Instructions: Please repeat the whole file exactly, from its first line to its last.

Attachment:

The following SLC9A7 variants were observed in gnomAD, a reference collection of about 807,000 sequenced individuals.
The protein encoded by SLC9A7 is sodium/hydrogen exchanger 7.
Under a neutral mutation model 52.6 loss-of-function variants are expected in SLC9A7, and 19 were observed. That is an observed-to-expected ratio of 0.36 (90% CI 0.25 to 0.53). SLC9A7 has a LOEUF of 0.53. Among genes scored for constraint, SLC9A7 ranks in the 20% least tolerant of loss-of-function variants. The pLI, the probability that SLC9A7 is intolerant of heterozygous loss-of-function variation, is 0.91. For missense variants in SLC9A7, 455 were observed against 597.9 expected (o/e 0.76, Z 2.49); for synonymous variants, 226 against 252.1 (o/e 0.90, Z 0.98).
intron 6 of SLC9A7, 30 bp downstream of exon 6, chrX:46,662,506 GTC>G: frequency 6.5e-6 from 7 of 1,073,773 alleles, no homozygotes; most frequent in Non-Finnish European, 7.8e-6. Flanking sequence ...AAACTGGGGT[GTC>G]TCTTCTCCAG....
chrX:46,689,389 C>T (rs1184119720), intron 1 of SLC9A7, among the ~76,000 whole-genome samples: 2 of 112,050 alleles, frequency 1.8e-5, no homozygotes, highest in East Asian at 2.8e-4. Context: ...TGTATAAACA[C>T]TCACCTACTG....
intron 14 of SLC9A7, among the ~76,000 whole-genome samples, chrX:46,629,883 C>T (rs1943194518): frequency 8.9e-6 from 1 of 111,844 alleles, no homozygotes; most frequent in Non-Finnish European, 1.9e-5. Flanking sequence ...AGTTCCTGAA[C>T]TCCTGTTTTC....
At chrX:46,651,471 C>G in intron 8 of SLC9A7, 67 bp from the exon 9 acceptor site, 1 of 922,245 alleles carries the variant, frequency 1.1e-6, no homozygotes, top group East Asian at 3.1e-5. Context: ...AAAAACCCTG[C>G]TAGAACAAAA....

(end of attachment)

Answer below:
The following SLC9A7 variants were observed in gnomAD, a reference collection of about 807,000 sequenced individuals.
The protein encoded by SLC9A7 is sodium/hydrogen exchanger 7.
Under a neutral mutation model 52.6 loss-of-function variants are expected in SLC9A7, and 19 were observed. That is an observed-to-expected ratio of 0.36 (90% CI 0.25 to 0.53). SLC9A7 has a LOEUF of 0.53. Among genes scored for constraint, SLC9A7 ranks in the 20% least tolerant of loss-of-function variants. The pLI, the probability that SLC9A7 is intolerant of heterozygous loss-of-function variation, is 0.91. For missense variants in SLC9A7, 455 were observed against 597.9 expected (o/e 0.76, Z 2.49); for synonymous variants, 226 against 252.1 (o/e 0.90, Z 0.98).
intron 6 of SLC9A7, 30 bp downstream of exon 6, chrX:46,662,506 GTC>G: frequency 6.5e-6 from 7 of 1,073,773 alleles, no homozygotes; most frequent in Non-Finnish European, 7.8e-6. Flanking sequence ...AAACTGGGGT[GTC>G]TCTTCTCCAG....
chrX:46,689,389 C>T (rs1184119720), intron 1 of SLC9A7, among the ~76,000 whole-genome samples: 2 of 112,050 alleles, frequency 1.8e-5, no homozygotes, highest in East Asian at 2.8e-4. Context: ...TGTATAAACA[C>T]TCACCTACTG....
intron 14 of SLC9A7, among the ~76,000 whole-genome samples, chrX:46,629,883 C>T (rs1943194518): frequency 8.9e-6 from 1 of 111,844 alleles, no homozygotes; most frequent in Non-Finnish European, 1.9e-5. Flanking sequence ...AGTTCCTGAA[C>T]TCCTGTTTTC....
At chrX:46,651,471 C>G in intron 8 of SLC9A7, 67 bp from the exon 9 acceptor site, 1 of 922,245 alleles carries the variant, frequency 1.1e-6, no homozygotes, top group East Asian at 3.1e-5. Context: ...AAAAACCCTG[C>G]TAGAACAAAA....